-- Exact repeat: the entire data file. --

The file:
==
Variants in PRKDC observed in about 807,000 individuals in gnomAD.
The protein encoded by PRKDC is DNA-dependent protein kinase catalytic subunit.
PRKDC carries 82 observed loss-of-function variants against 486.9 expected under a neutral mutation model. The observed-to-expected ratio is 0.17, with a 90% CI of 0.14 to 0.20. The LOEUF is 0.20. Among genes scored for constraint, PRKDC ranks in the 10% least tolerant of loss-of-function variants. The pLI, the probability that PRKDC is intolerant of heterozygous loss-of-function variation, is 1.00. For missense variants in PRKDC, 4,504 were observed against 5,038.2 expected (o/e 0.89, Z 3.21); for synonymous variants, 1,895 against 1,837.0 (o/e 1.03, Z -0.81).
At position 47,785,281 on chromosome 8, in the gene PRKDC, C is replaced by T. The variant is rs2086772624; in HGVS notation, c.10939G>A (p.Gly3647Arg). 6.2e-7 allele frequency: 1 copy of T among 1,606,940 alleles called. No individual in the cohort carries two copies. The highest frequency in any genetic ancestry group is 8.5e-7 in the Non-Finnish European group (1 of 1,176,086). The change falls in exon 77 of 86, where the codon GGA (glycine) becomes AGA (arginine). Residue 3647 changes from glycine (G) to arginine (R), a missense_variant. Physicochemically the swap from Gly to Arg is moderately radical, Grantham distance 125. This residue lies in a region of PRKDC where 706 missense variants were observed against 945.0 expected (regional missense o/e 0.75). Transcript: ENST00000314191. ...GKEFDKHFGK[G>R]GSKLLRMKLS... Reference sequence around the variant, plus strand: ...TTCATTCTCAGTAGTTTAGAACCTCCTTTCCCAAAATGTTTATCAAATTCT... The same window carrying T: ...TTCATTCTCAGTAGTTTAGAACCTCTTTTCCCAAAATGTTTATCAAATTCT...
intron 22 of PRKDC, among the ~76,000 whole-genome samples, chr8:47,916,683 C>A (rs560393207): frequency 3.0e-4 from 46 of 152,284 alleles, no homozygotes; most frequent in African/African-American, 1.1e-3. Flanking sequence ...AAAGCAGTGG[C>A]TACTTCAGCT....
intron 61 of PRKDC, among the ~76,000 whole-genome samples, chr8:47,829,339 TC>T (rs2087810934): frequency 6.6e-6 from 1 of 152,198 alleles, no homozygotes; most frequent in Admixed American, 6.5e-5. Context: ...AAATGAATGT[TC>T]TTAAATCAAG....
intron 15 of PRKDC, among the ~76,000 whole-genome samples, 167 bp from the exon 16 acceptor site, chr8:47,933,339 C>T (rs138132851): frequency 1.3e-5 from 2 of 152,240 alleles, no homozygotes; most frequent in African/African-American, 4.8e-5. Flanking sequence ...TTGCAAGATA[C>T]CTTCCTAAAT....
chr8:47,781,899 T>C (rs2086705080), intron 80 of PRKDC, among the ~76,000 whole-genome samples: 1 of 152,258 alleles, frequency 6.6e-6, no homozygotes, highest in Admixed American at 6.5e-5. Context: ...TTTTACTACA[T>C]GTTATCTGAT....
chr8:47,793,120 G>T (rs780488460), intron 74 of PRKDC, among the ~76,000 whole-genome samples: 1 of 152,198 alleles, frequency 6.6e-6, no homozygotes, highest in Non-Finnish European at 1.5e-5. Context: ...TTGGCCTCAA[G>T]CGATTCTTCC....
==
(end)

Variants in PRKDC observed in about 807,000 individuals in gnomAD.
The protein encoded by PRKDC is DNA-dependent protein kinase catalytic subunit.
PRKDC carries 82 observed loss-of-function variants against 486.9 expected under a neutral mutation model. The observed-to-expected ratio is 0.17, with a 90% CI of 0.14 to 0.20. The LOEUF is 0.20. Among genes scored for constraint, PRKDC ranks in the 10% least tolerant of loss-of-function variants. The pLI, the probability that PRKDC is intolerant of heterozygous loss-of-function variation, is 1.00. For missense variants in PRKDC, 4,504 were observed against 5,038.2 expected (o/e 0.89, Z 3.21); for synonymous variants, 1,895 against 1,837.0 (o/e 1.03, Z -0.81).
At position 47,785,281 on chromosome 8, in the gene PRKDC, C is replaced by T. The variant is rs2086772624; in HGVS notation, c.10939G>A (p.Gly3647Arg). 6.2e-7 allele frequency: 1 copy of T among 1,606,940 alleles called. No individual in the cohort carries two copies. The highest frequency in any genetic ancestry group is 8.5e-7 in the Non-Finnish European group (1 of 1,176,086). The change falls in exon 77 of 86, where the codon GGA (glycine) becomes AGA (arginine). Residue 3647 changes from glycine (G) to arginine (R), a missense_variant. Physicochemically the swap from Gly to Arg is moderately radical, Grantham distance 125. This residue lies in a region of PRKDC where 706 missense variants were observed against 945.0 expected (regional missense o/e 0.75). Transcript: ENST00000314191. ...GKEFDKHFGK[G>R]GSKLLRMKLS... Reference sequence around the variant, plus strand: ...TTCATTCTCAGTAGTTTAGAACCTCCTTTCCCAAAATGTTTATCAAATTCT... The same window carrying T: ...TTCATTCTCAGTAGTTTAGAACCTCTTTTCCCAAAATGTTTATCAAATTCT...
intron 22 of PRKDC, among the ~76,000 whole-genome samples, chr8:47,916,683 C>A (rs560393207): frequency 3.0e-4 from 46 of 152,284 alleles, no homozygotes; most frequent in African/African-American, 1.1e-3. Flanking sequence ...AAAGCAGTGG[C>A]TACTTCAGCT....
intron 61 of PRKDC, among the ~76,000 whole-genome samples, chr8:47,829,339 TC>T (rs2087810934): frequency 6.6e-6 from 1 of 152,198 alleles, no homozygotes; most frequent in Admixed American, 6.5e-5. Context: ...AAATGAATGT[TC>T]TTAAATCAAG....
intron 15 of PRKDC, among the ~76,000 whole-genome samples, 167 bp from the exon 16 acceptor site, chr8:47,933,339 C>T (rs138132851): frequency 1.3e-5 from 2 of 152,240 alleles, no homozygotes; most frequent in African/African-American, 4.8e-5. Flanking sequence ...TTGCAAGATA[C>T]CTTCCTAAAT....
chr8:47,781,899 T>C (rs2086705080), intron 80 of PRKDC, among the ~76,000 whole-genome samples: 1 of 152,258 alleles, frequency 6.6e-6, no homozygotes, highest in Admixed American at 6.5e-5. Context: ...TTTTACTACA[T>C]GTTATCTGAT....
chr8:47,793,120 G>T (rs780488460), intron 74 of PRKDC, among the ~76,000 whole-genome samples: 1 of 152,198 alleles, frequency 6.6e-6, no homozygotes, highest in Non-Finnish European at 1.5e-5. Context: ...TTGGCCTCAA[G>T]CGATTCTTCC....